10 Birds That Imitate Sounds(Really Surprising)

by Alex Kountry
Updated on

Birds are sound-making creatures. These sounds help us identify each bird.

Also, they use sounds to express different emotions like fear, distress, excitement, hunger, and so on.

However, most birds have the distinct feature of imitating other sounds. Some mimic sounds made by other birds, animals, humans, and even objects. Interesting isn’t it.

Wondering what birds these are, well, keep reading as I reveal 10 birds that imitate sounds.

10 Birds That Imitate Sounds

Birds That Imitate Sounds

1. Talkative Parrots

Parrots are amazing and unique creatures. They are well-known for the sounds they make.

They almost exactly mimic human sounds and languages. Interestingly, these birds are capable of learning and imitating new sounds.

This fascinating ability is a result of a brain region.

Parrots, like humans, have only one sound-producing organ. This organ is known as the syrinx.

With the help of their syrinx, parrots can imitate sounds. The parrots’ syrinx is similar to the human larynx.

The syrinx can be found beneath their windpipe. Furthermore, they also have long, muscular tongues that aid in the production of modified sounds.

While most birds imitate nesting, alarming, and other sounds, parrots, however, mimic sounds to engage in social interactions.

They love to blend with their environment. This natural instinct makes them imitate sounds.

2. Singing Crows

The crow is a songbird. They are not known for having the most beautiful songs, but they are songbirds nonetheless.

Crows and parrots have many similarities. They can imitate the sounds of other humans, birds, and animals in general.

Crows can communicate in the same way that parrots do. They use their syrinx to mimic and repeat the words and sounds they hear.

Even though they aren’t always so close to humans, they’re pretty good at mimicking human speech without mutilating it.

Crows have been heard making a variety of hoarse or grating coos, caws, rattles, and clicks.

These are arranged in sequences that can last several minutes and are delivered quietly and with a rambling, improvised quality.

When they are threatened, they usually make a beak click sound. This sound is typically high-pitched.

This is a typical sound. This is a sign that the bird is defending its territory or property and is attempting to repel the intruder.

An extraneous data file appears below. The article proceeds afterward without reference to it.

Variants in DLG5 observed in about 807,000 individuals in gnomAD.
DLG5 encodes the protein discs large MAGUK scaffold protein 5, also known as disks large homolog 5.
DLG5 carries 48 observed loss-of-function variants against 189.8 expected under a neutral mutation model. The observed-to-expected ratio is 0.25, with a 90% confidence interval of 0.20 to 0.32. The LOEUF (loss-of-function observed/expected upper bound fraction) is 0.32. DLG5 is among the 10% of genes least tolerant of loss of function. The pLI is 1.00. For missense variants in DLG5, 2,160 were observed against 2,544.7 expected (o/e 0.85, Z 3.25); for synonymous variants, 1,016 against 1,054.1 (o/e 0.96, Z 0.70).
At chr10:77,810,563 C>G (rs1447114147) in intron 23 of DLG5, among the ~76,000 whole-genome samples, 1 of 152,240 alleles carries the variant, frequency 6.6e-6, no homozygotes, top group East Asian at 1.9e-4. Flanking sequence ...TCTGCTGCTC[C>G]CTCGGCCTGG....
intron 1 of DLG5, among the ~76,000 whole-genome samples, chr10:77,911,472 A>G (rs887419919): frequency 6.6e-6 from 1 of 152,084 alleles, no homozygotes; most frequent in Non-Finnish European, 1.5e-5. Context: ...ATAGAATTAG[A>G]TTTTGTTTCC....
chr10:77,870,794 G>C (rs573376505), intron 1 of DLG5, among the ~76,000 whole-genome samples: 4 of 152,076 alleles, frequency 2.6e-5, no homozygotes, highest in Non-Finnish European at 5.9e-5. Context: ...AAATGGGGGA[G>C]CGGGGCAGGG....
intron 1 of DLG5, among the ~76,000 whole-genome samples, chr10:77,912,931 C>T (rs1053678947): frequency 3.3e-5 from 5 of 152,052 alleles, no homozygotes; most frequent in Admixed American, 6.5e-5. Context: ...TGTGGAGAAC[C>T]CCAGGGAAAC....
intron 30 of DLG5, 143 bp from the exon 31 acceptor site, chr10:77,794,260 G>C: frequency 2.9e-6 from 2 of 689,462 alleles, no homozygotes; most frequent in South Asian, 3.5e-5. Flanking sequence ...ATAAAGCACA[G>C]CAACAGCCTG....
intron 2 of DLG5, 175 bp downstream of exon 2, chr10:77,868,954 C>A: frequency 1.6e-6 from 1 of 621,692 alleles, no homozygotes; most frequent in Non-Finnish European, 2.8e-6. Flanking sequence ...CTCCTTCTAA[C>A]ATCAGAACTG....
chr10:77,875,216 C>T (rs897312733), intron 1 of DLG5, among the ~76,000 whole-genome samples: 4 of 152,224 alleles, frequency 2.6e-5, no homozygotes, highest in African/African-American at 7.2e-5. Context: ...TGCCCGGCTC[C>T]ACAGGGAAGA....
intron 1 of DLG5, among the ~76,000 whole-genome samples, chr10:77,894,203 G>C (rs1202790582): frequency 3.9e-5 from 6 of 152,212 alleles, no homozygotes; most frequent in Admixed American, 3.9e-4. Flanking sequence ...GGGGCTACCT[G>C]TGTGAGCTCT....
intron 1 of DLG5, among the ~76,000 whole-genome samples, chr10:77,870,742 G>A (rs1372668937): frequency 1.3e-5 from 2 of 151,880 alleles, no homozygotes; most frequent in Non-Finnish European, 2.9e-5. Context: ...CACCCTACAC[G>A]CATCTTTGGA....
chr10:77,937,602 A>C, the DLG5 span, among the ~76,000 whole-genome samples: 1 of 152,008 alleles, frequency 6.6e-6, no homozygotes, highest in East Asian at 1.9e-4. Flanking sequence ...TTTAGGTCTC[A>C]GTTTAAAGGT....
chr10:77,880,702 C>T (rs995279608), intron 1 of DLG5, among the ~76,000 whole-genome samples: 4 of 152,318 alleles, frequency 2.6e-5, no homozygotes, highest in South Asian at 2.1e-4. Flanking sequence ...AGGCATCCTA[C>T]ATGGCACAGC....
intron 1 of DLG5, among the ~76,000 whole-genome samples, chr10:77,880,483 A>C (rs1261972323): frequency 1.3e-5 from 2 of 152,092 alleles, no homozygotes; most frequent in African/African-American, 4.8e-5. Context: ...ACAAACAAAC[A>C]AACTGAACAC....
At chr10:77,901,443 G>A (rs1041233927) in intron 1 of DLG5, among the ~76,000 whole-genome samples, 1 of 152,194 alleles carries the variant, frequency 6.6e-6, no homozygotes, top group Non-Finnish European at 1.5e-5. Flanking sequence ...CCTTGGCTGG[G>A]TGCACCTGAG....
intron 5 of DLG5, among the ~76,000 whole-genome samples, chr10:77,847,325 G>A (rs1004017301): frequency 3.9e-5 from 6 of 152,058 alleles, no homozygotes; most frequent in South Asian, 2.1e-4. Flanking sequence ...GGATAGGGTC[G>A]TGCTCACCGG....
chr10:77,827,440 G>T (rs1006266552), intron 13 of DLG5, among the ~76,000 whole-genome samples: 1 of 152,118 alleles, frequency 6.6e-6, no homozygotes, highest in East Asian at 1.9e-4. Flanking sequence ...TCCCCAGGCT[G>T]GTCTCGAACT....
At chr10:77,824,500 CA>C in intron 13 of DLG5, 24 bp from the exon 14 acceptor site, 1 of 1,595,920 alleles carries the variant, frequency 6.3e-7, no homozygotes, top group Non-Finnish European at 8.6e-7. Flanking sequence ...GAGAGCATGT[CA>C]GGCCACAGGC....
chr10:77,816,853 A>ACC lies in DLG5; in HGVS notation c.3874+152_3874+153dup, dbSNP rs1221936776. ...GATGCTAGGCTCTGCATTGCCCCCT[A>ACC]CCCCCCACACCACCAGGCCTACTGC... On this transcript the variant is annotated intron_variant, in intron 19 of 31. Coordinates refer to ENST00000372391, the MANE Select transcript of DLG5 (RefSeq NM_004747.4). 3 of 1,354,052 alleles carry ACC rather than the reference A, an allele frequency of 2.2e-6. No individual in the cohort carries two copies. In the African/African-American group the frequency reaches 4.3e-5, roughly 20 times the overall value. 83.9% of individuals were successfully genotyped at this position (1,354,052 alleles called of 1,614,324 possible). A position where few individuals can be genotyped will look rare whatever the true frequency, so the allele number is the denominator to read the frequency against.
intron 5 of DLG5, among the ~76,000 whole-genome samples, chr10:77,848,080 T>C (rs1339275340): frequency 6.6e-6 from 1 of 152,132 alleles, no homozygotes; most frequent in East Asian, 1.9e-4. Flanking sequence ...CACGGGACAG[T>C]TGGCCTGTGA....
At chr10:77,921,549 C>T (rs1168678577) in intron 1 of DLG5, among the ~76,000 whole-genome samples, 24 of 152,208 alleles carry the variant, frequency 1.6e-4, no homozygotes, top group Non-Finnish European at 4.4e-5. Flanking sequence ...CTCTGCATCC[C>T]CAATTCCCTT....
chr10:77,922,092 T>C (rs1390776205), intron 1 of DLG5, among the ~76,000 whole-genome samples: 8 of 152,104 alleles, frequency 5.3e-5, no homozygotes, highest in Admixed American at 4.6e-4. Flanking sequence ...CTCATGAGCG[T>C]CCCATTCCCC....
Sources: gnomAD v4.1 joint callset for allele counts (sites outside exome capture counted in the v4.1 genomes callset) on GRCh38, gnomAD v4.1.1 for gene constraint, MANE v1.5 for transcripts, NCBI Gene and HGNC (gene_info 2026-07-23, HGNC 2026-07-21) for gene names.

It is often accompanied by neck tension and sometimes the lifting of a paw. They will continue to make this sound until their threat has passed.

Crows are well-known for imitating other birds. They do this primarily during nesting seasons.

While nesting, they imitate predator sounds or other bird threat calls, such as a hawk or owl screech, to deter other birds from approaching the nest.

These songs can scare other birds away if they believe the territory is dangerous, making it safer for the brooding bird and its chicks.

Related: Here is an article I wrote on birds that like water

3. Mocking bird

Mockingbirds can learn as many as 200 songs. Amazing right? They often mimic sounds in their environment including other birds, car alarms, and creaky gates.

Mockingbirds will most definitely mock you. They sing perfect note imitations of other birds.

Like all mimics, they learn the songs of other birds. Oftentimes, they sing the song better than the original bird could sing it.

Mockingbirds imitate the calls and songs of other birds and this gives an impression that the territory is highly populated.

And the mimicked birds get discouraged; they scout for another territory to settle in.

The male mocking birds use their sound to attract female birds. Songs are super important in the courtship of these birds. Females prefer males who sing more songs.

Since mimicked tones are learned, a bird with more vocal variety is demonstrating its intelligence, ability to survive, and other characteristics a mate would find desirable.

A male can top his rivals by quickly adding to his repertoire some of the sounds around him.

4. Catbirds

Catbirds are extremely interesting birds. They are capable of imitating other birds and animals. However, it has not been observed that they can imitate human sounds.

Catbirds have been observed communicating visually, using their head and feathers, as well as their songs and calls.

Catbirds, as the name implies, have been reported to make cat-like sounds. They have a raspy mew that sounds like a cat.

They also make use of sounds to attract mates. Males with the most diverse sound repertoires may be the most appealing to females.

Their large repertoires demonstrate that they have already survived many breeding seasons.

The male sings loudly from high perches, declaring his territory or challenging an intruder.

Many birds use songs to claim territory, and incorporating mimicked tones into the song can demonstrate the resident bird’s strength.